The practice of the invention is not limited, however, to press laminating. A laminae stack may be united using high frequency vibrations. One form of vibration laminating consists of drawing a vibrating probe having a contact surface of less than one-quarter of a square inch back and forth across the stack until the entire stack is laminated. Suitable vibrators include those having a fre- 6 quency in excess of 1.0 kc./sec. and delivering a power of at least 5 watts to the stack. 1
Neither pretreatment, bonding agents, nor bonding elements are necessary to laminate a stack using vibrations in excess of 1 kilocycle per second, although utilization of such treatments, agents, and elements in combination with vibration laminating are contemplated and preferred.
When the laminar membrane is to be used in a fuel cell, an electrode-membrane assembly may be formed by any known method. Suitable electrodes for use in fuel cells are disclosed by the above-cited Grubb and Niedrach patents. A preferred electrode consists of a mixture of Pt black and from 5 to 25 percent by weight polytetrafluoroethylene (PTFE) spread on an expanded metal screen current collector formed of Ti alloyed with 0.1 to 10.0 percent by weight Pd. Such an electrode may be formed by placing a current collector adjacent an upper press platen and placing a mold release agent such as aluminum foil on a lower platen. The catalyst-PTFE mixture is spread on the mold release agent to the desired depth. Subsequently, the current collector is pressed into the catalyst-PTFE mixture with a force of 1 to 7 tons/in. so that the screen openings are filled. Upon removal from the press, the aluminum is removed by treatment with KOH and the KOH neutralized in acid. Distilled Water is used in the final rinsing. The electrode is subsequently dried and sintered. Alternately, the electrode may be formed without the use of a metal screen, in which case the electrode is formed substantially as the resin-catalyst mixture employed as a laminating agent.
The electrodes may be mounted on the laminar membranes by any conventional method. A preferred method of uniting electrodes to the laminar membrane consists of placing a laminar membrane in a sandwich arrangement between two electrodes and applying heat and pressure. Wide ranges of temperatures and pressures may be employed with temperatures of 175 F. to 250 F and pressures 2000-3000 p.s.i. being preferred.
The electrodes either before or after fabrication into electrode-membrane assemblies may be given an additional wet-proofing treatment. Various conventional wetproofing techniques may be employed. One preferred technique consists of spraying the surface of the electrode which is to be the outer surface of the electrode-membrane assembly with an aqueous solution of polytetrafluoroethylene and water. Water may be subsequently removed from the electrode by sintering of the electrode at temperatures above 200 F. or 'by holding the electrode above the evaporating temperature of water for a substantlal period. Sintering is generally effective in time periods ranging from less than 5 minutes to over an hour.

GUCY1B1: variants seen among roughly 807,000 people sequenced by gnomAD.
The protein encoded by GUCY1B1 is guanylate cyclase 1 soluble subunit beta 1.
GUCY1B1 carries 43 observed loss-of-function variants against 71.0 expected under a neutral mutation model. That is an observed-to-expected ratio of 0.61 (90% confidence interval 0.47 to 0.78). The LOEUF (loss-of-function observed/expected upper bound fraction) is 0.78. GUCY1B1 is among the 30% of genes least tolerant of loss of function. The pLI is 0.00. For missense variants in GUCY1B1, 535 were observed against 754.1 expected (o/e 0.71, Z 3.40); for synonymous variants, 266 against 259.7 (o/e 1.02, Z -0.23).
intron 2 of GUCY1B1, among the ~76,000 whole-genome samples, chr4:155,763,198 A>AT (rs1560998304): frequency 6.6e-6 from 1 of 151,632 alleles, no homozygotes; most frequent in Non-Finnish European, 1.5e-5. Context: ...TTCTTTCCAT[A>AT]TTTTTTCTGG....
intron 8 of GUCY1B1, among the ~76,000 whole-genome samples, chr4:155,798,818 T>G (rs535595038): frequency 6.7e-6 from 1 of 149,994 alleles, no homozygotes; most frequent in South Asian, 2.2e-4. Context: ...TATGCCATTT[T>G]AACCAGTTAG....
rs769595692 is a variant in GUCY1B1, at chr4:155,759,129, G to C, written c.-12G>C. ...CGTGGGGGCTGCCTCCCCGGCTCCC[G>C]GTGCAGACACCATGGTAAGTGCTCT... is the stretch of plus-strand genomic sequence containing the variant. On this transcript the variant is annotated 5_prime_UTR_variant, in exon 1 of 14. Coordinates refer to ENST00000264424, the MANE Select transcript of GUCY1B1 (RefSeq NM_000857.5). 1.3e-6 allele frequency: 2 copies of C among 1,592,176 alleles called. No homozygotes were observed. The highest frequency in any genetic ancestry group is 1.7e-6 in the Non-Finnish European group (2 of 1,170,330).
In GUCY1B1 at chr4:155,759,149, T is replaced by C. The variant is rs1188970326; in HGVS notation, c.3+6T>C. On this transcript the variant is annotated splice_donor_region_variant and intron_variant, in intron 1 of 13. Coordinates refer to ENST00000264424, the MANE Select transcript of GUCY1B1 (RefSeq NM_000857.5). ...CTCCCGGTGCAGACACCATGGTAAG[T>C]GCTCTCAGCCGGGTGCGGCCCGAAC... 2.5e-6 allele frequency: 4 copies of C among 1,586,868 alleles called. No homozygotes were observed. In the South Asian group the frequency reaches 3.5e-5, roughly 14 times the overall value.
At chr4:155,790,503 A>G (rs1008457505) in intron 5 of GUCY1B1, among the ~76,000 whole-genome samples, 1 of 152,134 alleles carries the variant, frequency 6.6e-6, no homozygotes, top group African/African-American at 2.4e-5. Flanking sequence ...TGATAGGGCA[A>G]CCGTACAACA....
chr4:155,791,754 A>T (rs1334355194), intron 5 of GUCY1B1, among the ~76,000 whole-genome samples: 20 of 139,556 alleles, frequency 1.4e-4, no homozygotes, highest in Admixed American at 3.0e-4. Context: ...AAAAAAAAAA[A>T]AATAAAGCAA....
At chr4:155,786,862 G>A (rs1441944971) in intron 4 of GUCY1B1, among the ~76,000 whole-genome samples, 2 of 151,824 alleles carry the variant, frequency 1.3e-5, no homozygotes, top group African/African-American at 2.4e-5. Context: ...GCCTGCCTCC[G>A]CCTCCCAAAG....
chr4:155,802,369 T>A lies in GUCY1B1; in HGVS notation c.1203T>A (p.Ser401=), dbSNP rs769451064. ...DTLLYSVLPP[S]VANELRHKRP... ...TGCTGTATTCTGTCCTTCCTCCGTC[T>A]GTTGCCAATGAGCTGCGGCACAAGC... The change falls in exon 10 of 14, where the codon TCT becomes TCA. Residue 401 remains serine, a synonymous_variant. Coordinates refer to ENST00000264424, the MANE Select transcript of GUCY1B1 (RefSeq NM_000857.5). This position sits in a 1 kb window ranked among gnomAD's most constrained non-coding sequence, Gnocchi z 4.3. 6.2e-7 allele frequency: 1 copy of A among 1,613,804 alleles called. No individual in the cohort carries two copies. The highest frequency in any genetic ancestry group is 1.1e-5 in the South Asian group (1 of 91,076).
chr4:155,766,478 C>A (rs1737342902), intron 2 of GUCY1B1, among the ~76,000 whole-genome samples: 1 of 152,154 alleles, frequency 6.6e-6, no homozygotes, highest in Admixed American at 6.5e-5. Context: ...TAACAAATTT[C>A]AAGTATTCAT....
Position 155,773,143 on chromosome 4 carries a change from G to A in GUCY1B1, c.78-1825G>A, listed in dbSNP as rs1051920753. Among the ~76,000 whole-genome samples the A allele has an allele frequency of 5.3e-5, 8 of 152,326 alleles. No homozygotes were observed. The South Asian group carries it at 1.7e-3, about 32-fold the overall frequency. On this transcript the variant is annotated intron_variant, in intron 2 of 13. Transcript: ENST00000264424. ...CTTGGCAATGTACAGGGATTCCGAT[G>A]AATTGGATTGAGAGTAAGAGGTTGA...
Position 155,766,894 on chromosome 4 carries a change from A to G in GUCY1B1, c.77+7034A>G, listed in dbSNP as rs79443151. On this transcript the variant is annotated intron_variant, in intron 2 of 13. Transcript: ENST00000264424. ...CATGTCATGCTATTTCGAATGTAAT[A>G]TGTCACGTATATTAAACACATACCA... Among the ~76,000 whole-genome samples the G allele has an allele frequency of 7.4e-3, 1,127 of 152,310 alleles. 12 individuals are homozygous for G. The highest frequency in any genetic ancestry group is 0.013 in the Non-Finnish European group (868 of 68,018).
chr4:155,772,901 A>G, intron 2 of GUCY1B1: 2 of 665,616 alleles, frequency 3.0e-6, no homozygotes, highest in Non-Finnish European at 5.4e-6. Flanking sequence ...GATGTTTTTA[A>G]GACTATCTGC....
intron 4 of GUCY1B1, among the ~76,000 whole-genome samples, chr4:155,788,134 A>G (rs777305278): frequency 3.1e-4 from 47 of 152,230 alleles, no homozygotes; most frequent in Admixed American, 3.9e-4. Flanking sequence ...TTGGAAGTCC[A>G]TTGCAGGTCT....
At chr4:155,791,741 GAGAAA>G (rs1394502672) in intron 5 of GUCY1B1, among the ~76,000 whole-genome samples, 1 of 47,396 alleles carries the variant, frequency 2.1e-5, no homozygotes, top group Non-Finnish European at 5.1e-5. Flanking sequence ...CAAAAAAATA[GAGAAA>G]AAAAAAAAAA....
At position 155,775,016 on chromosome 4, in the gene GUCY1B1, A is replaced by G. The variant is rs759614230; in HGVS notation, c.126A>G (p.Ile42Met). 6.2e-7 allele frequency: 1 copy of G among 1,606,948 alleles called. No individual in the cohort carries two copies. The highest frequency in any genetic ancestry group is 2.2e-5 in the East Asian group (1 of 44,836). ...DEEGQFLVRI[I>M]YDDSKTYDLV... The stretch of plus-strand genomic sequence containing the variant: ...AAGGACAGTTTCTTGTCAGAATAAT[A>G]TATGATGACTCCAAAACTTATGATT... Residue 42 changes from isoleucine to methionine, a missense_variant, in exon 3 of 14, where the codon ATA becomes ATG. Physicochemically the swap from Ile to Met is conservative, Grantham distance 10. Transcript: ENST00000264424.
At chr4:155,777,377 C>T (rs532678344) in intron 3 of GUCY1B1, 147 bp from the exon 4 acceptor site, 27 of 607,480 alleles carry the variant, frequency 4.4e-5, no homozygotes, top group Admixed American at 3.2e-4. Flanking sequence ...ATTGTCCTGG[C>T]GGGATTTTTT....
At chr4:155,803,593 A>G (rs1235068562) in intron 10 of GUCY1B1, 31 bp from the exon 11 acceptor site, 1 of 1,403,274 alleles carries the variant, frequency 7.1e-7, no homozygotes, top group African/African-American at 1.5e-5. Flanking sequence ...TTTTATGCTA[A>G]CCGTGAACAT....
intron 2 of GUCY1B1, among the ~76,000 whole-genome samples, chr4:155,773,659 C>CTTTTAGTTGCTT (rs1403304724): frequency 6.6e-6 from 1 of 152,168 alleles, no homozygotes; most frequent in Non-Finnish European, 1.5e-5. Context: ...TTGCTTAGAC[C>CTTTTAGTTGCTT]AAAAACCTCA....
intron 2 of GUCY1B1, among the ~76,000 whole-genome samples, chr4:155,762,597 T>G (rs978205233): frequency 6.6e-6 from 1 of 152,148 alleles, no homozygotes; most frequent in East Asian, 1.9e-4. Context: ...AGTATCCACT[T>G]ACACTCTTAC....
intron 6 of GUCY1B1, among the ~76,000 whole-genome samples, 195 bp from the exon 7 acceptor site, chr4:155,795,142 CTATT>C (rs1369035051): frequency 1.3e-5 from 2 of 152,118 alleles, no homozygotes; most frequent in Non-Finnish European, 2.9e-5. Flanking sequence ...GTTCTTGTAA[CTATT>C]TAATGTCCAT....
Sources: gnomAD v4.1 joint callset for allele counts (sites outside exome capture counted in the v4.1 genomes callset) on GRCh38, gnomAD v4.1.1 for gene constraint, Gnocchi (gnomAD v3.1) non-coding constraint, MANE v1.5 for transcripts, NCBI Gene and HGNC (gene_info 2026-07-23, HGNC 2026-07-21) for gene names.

Another method of uniting the fuel cell electrodes to the ion exchange membrane to form an electrode-membrane assembly consists of using an ion exchange adhesive. Such adhesive is subject to the same general considerations outlined above in regard to ion exchange ad hesives for ion exchange laminae. The electrodes may be united to a laminar membrane at the time the laminae stack is bonded. It is appreciated that electrodes may be bonded to conventional, unitary membranes with the use of ion exchange adhesives and that the process of electrode bonding is in no Way limited to use with laminar membranes.
In bonding electrodes to laminar membranes, it is possible to unite the electrodes to the laminae either before, during, or after uniting the laminae. When the identical type of bonding is used to unite the electrode and membrane as is used to unite the membrane laminae, simultaneous bonding of all elements is advantageous. On the other hand, significantly different pressures may be used to laminate the electrodes to the laminae than are used to unite adjacent laminae. In such case, separate bonding steps are necessary.